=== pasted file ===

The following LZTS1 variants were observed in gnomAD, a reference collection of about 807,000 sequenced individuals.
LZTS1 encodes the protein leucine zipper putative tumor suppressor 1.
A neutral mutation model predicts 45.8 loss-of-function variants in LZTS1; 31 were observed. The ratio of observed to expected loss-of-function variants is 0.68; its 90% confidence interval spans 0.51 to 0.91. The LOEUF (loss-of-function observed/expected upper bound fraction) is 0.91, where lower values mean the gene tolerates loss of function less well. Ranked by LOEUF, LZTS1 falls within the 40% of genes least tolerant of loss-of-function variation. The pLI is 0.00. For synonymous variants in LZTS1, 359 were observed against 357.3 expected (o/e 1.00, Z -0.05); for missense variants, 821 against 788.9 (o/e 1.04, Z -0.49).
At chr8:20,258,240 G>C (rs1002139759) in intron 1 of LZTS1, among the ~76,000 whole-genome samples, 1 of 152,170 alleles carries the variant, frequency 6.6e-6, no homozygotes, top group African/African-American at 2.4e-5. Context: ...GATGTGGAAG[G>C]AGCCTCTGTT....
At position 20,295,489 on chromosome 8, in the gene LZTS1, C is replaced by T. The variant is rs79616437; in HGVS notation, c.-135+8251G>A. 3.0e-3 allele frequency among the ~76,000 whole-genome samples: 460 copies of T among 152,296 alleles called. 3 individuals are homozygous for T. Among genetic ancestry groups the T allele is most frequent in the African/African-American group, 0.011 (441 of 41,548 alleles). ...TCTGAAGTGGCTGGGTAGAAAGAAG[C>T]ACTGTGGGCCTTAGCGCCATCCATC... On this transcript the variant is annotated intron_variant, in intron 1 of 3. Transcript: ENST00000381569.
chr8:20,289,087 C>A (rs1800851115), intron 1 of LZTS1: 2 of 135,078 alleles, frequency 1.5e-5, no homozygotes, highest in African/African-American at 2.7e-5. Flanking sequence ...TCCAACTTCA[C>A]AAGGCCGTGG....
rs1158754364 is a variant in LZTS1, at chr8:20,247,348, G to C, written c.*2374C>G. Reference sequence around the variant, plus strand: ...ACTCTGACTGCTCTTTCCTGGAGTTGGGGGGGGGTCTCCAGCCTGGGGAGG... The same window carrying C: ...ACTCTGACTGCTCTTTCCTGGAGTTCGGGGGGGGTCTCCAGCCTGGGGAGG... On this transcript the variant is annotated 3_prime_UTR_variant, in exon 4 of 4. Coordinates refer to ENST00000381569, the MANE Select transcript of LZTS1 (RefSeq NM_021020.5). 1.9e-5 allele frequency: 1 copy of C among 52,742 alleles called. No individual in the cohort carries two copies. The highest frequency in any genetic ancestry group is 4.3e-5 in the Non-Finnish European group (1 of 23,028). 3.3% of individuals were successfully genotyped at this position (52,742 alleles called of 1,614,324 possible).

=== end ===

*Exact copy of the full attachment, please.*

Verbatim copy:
The following LZTS1 variants were observed in gnomAD, a reference collection of about 807,000 sequenced individuals.
LZTS1 encodes the protein leucine zipper putative tumor suppressor 1.
A neutral mutation model predicts 45.8 loss-of-function variants in LZTS1; 31 were observed. The ratio of observed to expected loss-of-function variants is 0.68; its 90% confidence interval spans 0.51 to 0.91. The LOEUF (loss-of-function observed/expected upper bound fraction) is 0.91, where lower values mean the gene tolerates loss of function less well. Ranked by LOEUF, LZTS1 falls within the 40% of genes least tolerant of loss-of-function variation. The pLI is 0.00. For synonymous variants in LZTS1, 359 were observed against 357.3 expected (o/e 1.00, Z -0.05); for missense variants, 821 against 788.9 (o/e 1.04, Z -0.49).
At chr8:20,258,240 G>C (rs1002139759) in intron 1 of LZTS1, among the ~76,000 whole-genome samples, 1 of 152,170 alleles carries the variant, frequency 6.6e-6, no homozygotes, top group African/African-American at 2.4e-5. Context: ...GATGTGGAAG[G>C]AGCCTCTGTT....
At position 20,295,489 on chromosome 8, in the gene LZTS1, C is replaced by T. The variant is rs79616437; in HGVS notation, c.-135+8251G>A. 3.0e-3 allele frequency among the ~76,000 whole-genome samples: 460 copies of T among 152,296 alleles called. 3 individuals are homozygous for T. Among genetic ancestry groups the T allele is most frequent in the African/African-American group, 0.011 (441 of 41,548 alleles). ...TCTGAAGTGGCTGGGTAGAAAGAAG[C>T]ACTGTGGGCCTTAGCGCCATCCATC... On this transcript the variant is annotated intron_variant, in intron 1 of 3. Transcript: ENST00000381569.
chr8:20,289,087 C>A (rs1800851115), intron 1 of LZTS1: 2 of 135,078 alleles, frequency 1.5e-5, no homozygotes, highest in African/African-American at 2.7e-5. Flanking sequence ...TCCAACTTCA[C>A]AAGGCCGTGG....
rs1158754364 is a variant in LZTS1, at chr8:20,247,348, G to C, written c.*2374C>G. Reference sequence around the variant, plus strand: ...ACTCTGACTGCTCTTTCCTGGAGTTGGGGGGGGGTCTCCAGCCTGGGGAGG... The same window carrying C: ...ACTCTGACTGCTCTTTCCTGGAGTTCGGGGGGGGTCTCCAGCCTGGGGAGG... On this transcript the variant is annotated 3_prime_UTR_variant, in exon 4 of 4. Coordinates refer to ENST00000381569, the MANE Select transcript of LZTS1 (RefSeq NM_021020.5). 1.9e-5 allele frequency: 1 copy of C among 52,742 alleles called. No individual in the cohort carries two copies. The highest frequency in any genetic ancestry group is 4.3e-5 in the Non-Finnish European group (1 of 23,028). 3.3% of individuals were successfully genotyped at this position (52,742 alleles called of 1,614,324 possible).